Exception: If you have lots of well-situated fall, getting slopes right is a breeze and you’ll be exempt from many of the plumbing steps.

The pipes must slope downhill continuously
The pipes cannot drop down and then back up again; for example, plunge to exit under the foundation then pop to the surface, or dip to cross a gully.

Possible exception: If there is a large amount of unvented elevation drop (ten or twenty feet) on the line, the pressure of greywater has been successfully used to blast through any clog which might occur.5 This keeps the line running, but it negates an advantage branched drain networks have when they slope continuously: no anaerobic pockets or pools of any size. The water which pools in the bottom of the “U” will go septic when it sits for a while, and when it gets pushed through by fresh greywater it will come out stinking. Set a system up this way only if there truly is no alternative. Don’t even think of it if you don’t have a lot of pressure—it is sure to fail.

Branched drains cannot be used to irrigate lawns or small plants
Besides the other reasons not to irrigate lawns with greywater (described in Create an Oasis: How to use greywater/ A note on lawns), the branched drain system, with only a few dozen outlets maximum, is poorly adapted to irrigating thousands of tiny individual plants. It works best with trees, especially fruit trees (what’s the point of irrigating a tree unless it gives fruit?)

Exception: if your only goal is to get rid of the water, it may be appropriate to use plants whose only claim to fame is sucking up water.

Branched drains are poorly suited to high flows
There may be an elegant way to reuse more than a few hundred gallons a day through a branched drain network, but I haven’t thought of it. The amount of pipe and the area required to deal with a single large source soon starts to seem overwhelming. This is a limitation shared by all but a few of the systems described in Create an Oasis. The average, mildly conservative first-world household generates 35 gallons of greywater per person per day, which is well within the comfortable range for the branched drain system. There is no lower limit.

If you are faced with a huge water flow and a like amount of irrigation need, the economics of other more elaborate systems start to be more attractive; see Create an Oasis: System examples/ Automated systems

The way the water is distributed is difficult to alter
There is no easy way to supply a small amount of water to a young tree and then several times more when that tree is large, or shift from watering deciduous trees to evergreens when the deciduous trees drop their leaves. You make your best approximation when you design the system, and that’s it.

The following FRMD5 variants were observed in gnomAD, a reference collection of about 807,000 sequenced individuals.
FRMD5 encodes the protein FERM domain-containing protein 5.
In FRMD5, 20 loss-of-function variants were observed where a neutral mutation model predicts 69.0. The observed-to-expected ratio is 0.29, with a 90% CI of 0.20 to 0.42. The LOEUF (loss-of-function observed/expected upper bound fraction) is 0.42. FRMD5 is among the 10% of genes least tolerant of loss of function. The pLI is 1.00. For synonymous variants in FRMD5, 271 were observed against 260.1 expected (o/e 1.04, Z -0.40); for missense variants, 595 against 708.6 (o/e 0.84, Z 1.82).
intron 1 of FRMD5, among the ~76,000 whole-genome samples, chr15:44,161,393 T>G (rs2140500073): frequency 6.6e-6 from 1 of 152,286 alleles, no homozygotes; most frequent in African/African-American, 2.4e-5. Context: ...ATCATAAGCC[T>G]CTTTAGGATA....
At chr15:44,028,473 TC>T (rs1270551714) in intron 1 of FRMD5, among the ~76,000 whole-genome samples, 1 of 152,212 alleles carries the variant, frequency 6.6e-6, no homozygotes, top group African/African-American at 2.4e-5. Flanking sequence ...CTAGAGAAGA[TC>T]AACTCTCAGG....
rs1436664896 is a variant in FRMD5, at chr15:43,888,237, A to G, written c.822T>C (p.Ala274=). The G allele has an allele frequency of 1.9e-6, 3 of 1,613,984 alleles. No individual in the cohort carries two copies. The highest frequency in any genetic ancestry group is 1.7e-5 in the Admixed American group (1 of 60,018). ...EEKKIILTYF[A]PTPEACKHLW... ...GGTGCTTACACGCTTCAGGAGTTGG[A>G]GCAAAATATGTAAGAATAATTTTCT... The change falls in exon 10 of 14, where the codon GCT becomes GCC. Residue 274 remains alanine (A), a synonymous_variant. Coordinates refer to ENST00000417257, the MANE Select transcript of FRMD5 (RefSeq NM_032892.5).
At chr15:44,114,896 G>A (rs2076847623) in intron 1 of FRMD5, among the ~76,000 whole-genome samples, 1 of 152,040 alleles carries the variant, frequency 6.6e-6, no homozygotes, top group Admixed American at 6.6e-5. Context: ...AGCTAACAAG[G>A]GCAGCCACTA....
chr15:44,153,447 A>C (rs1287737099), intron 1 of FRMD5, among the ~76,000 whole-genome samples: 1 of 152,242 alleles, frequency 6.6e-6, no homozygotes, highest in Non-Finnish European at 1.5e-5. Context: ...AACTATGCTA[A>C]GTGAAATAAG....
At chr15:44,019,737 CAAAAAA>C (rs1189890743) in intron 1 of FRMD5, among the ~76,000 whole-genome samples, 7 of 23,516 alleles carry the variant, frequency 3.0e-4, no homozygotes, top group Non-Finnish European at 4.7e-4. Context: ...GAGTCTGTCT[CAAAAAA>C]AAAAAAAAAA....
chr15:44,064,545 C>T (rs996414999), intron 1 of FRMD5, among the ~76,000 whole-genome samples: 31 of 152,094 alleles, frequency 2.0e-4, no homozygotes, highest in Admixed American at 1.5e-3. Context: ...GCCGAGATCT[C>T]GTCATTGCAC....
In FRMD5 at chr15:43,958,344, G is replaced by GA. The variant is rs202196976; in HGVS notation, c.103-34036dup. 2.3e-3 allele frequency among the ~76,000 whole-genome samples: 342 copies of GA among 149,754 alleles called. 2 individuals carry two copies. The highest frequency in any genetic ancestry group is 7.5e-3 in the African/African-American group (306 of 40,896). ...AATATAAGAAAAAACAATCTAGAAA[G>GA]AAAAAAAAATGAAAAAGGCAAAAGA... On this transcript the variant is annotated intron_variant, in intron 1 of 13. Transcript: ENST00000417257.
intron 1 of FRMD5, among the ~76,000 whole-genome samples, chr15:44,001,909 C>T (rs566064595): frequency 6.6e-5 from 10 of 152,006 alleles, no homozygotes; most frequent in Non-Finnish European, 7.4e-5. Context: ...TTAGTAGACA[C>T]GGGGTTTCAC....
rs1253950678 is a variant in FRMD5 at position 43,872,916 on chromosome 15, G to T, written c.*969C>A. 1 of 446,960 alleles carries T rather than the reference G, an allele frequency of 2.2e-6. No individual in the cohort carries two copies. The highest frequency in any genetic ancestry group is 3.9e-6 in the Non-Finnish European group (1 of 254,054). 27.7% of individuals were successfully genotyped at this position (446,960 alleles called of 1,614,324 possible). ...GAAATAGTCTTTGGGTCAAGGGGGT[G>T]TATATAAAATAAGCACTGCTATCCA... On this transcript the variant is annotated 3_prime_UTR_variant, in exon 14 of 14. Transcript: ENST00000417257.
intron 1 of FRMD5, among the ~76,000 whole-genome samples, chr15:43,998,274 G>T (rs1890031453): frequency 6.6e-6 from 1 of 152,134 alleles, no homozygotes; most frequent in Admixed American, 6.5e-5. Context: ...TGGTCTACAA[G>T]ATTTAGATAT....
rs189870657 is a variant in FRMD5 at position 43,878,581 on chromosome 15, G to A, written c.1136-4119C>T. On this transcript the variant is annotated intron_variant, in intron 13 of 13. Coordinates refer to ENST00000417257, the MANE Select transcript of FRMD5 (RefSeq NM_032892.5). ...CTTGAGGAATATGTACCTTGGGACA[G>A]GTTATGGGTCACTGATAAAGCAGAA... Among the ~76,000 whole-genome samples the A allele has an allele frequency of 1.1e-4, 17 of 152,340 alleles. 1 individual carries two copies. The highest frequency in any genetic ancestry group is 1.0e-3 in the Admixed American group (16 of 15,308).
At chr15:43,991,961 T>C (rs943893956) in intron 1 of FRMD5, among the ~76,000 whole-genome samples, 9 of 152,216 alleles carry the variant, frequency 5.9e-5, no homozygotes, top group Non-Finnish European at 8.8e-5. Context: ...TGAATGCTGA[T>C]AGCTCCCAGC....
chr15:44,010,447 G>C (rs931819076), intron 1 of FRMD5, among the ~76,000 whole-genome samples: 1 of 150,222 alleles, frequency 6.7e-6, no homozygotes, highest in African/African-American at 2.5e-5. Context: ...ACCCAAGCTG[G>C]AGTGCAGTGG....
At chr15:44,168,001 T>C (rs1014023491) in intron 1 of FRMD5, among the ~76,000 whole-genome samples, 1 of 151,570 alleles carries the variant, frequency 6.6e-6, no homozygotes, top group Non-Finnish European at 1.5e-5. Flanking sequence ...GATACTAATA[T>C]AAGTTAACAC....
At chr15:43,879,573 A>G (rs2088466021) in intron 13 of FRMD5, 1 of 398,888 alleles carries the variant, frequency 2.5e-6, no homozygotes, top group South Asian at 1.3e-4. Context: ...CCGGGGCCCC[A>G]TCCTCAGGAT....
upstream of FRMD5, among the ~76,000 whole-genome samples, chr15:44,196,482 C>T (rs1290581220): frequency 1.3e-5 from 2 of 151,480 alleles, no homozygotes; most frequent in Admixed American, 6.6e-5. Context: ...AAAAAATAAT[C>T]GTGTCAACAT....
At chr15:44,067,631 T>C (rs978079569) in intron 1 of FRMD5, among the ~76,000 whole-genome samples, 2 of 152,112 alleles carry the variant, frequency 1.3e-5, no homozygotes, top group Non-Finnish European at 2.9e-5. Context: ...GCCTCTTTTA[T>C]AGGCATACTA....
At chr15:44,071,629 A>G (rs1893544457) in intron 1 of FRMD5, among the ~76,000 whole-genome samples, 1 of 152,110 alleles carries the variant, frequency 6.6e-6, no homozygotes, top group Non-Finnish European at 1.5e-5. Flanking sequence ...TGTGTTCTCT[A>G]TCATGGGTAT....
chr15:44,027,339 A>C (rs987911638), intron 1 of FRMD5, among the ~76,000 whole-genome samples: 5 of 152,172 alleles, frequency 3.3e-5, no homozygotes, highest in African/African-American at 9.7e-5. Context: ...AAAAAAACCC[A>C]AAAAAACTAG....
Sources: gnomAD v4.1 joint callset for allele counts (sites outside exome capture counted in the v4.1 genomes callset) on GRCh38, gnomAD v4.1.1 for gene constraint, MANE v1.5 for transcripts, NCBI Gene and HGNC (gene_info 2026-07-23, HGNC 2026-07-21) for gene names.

Partial exceptions: It is easy to add on to the ends of a system or truncate outlet extensions without changing the existing branching pattern. For example, you can design a system to accommodate tree growth by putting the flow splitter some distance from the trunk. An outlet extension from the flow splitter to a young tree can be removed when the roots have grown out farther, or an additional split can be added to send the water to two places in the (now) extensive root zone.

If one side of a flow splitter is the final outlet (as in photo 12), you can plug it and the water will continue on unsplit. This could be used to bypass a deciduous fruit tree and send the water on to an evergreen one. When the deciduous tree leafs out, remove the plug and clear the opening.

Branched drains have not been used to water more than sixteen outlets from one source
It is certainly possible that more could be watered, but it hasn’t been tried to my knowledge. With ordinary flows, 16 is a reasonable limit. With pulsing output from a dipper box 64 outlets would likely work (see Possible variations & improvements/ More than four levels of splitting).

Designing a system
These are the steps to designing a system:

Now we’ll work through them in detail, one by one...

^ Top ^ Greywater how-to books & video | a branched drain system right for your project? | Introduction | Illustrations


 Oasis greywater-book

Flow Splitters

For Branched Drain Greywater Systems

$24 — Flow splitter, 2" $19 — Flow splitter, 1.5"


More info

^ Top ^ Greywater how-to books & video | a branched drain system right for your project? | Introduction | Illustrations